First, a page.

Over the past 100 years, the international system has been filled with a huge number of states that are unable to ensure their survival independently. This process was launched after the First World War, when the victorious powers were interested in creating a significant number of small countries that were absolutely dependent on them. In place of the destroyed Austro-Hungarian, German and Ottoman empires, a large group of state entities arose in Eastern Europe.
None of them could play even an insignificant role during the next big war, in 1939-1945. Even Poland, the largest in terms of population, was vanquished in a manner of weeks and later reborn thanks to the victorious Soviet army. The others may have been more or less successful in developing their own economic base during the 1918-1939 "truce", but their ability to ensure sovereignty with respect to national defence was immediately disproved. All these countries, except Finland, either fell under the pressure of internal circumstances, or were defeated because they acted as potential or active satellites of the opposing sides.
However, after the end of World War II, the "parade of sovereignties" continued on a global scale. Moreover, after 1945, the great powers acquired exceptional resources to manage international affairs - a colossal power gap that arose as a result of the creation of large arsenals of nuclear weapons. During the 1950-1970 period, the main engine of sovereignty was the desire of the two great powers - the USSR and the United States - to create a network of their own client states on the basis of the European colonial empires, unable to ensure their survival without the help of Washington or Moscow. In fact, the process which took place mirrored what had happened 25 years beforehand in Eastern Europe, only the other empires were divided - the British and French colonies.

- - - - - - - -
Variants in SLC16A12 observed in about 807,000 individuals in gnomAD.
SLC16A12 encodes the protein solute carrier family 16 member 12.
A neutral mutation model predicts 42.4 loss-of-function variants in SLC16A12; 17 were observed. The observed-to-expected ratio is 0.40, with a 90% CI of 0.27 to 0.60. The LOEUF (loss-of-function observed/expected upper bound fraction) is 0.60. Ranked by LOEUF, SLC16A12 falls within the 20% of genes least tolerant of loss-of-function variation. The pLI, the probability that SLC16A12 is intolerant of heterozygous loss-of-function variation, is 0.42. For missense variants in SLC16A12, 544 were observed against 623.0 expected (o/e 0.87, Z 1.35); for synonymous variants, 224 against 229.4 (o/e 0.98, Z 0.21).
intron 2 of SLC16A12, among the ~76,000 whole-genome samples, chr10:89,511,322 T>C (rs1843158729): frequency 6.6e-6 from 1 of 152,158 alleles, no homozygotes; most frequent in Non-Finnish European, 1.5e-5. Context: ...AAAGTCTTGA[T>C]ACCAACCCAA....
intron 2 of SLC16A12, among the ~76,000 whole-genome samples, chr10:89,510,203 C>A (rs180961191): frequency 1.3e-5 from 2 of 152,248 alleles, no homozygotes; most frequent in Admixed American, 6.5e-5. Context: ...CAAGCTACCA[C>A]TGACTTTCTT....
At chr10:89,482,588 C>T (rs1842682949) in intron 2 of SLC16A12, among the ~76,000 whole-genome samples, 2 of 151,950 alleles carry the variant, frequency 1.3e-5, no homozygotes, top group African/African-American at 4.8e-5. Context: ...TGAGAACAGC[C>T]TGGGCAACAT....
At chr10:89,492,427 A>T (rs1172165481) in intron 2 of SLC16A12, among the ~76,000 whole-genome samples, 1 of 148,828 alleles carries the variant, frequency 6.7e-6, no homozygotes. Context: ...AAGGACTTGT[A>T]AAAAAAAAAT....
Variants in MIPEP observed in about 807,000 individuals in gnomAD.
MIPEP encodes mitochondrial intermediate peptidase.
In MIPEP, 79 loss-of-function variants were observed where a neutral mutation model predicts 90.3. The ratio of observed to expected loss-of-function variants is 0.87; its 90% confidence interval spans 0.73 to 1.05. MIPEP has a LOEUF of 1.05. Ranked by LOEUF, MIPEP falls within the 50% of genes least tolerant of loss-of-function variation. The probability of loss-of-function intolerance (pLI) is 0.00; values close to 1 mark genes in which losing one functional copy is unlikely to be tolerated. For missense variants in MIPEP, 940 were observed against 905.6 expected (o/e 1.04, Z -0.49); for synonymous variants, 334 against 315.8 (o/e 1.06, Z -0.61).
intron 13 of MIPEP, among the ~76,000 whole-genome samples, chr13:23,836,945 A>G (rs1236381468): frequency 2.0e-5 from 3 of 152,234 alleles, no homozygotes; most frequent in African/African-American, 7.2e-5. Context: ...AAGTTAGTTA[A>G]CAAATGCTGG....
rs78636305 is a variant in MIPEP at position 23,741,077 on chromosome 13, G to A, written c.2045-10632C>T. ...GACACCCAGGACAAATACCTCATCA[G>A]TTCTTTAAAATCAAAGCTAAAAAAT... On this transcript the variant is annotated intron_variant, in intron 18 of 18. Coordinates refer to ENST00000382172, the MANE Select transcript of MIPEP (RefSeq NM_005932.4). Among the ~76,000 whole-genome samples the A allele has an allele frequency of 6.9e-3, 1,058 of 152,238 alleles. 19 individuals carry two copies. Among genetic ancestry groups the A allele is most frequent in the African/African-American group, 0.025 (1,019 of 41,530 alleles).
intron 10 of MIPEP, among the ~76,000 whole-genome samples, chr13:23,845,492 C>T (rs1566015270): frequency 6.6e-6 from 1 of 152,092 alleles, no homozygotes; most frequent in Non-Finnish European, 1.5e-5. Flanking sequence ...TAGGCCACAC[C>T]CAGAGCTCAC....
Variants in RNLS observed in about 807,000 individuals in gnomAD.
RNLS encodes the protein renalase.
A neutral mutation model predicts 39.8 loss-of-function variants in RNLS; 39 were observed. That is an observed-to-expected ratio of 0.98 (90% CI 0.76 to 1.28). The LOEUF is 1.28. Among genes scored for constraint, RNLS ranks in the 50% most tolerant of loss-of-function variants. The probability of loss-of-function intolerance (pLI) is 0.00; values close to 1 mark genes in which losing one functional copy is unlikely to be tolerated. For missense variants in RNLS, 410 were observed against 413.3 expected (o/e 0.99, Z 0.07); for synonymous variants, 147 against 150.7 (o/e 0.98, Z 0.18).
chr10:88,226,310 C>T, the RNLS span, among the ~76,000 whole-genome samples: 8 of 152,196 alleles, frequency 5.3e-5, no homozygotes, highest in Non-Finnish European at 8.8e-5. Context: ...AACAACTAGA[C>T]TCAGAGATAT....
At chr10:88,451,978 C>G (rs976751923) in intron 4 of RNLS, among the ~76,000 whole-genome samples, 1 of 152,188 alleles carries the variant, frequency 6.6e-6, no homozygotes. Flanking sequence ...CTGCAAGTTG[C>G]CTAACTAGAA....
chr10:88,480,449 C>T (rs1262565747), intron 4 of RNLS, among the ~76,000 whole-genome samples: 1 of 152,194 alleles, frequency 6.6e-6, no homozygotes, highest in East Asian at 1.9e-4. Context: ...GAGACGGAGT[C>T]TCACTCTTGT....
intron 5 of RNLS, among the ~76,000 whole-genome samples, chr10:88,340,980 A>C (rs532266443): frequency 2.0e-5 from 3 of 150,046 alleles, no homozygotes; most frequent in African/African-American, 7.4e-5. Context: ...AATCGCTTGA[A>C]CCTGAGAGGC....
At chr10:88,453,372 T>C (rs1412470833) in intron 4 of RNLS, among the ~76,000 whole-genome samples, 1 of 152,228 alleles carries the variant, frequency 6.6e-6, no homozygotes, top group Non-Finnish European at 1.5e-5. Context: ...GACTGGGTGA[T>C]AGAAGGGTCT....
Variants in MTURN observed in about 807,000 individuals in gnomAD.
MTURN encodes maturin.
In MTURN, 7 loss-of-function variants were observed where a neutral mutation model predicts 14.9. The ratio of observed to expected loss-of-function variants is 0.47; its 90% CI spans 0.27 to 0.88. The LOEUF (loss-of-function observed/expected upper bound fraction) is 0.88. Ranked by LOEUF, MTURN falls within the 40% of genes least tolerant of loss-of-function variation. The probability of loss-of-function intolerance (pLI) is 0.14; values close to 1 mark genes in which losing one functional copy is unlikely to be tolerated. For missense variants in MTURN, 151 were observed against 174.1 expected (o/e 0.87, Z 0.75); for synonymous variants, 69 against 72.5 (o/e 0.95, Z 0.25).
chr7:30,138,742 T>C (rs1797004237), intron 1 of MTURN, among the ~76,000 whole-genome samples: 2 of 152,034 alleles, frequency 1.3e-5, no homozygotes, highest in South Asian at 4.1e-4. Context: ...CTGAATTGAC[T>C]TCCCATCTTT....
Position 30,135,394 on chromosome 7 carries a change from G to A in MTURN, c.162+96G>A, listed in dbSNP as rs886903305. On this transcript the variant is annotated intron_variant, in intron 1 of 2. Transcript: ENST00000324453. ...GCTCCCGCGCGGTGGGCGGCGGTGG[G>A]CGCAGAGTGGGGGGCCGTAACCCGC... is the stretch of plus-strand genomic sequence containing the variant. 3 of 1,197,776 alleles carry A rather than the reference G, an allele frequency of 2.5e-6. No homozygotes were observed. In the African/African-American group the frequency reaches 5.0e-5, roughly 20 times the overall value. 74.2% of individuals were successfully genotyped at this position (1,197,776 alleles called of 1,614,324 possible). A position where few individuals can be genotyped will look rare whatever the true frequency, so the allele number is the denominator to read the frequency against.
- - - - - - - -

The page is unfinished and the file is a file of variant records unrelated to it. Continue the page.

Sometime later, albeit on a smaller scale, China also joined this movement. Before that point, Beijing’s funds had been limited enough that it could reliably promote a strategy of "national self-determination" to protect its own interests. China, in fact, found itself lagging behind in this race, and now it can only think about how client states of Russia or the United States can be so insecure about their future that they will transfer external governance into the hands of Beijing. So far, we have not seen convincing examples of such behaviour.
Moreover, after the collapse of their own colonial empires, Britain and France were able to regain control over the foreign policy of some of the entities that arose from their ruins. Now this control is carried out directly in very rare cases and mainly occurs through institutional mechanisms of interaction, with the European Union or other organisations of the community of market democracies.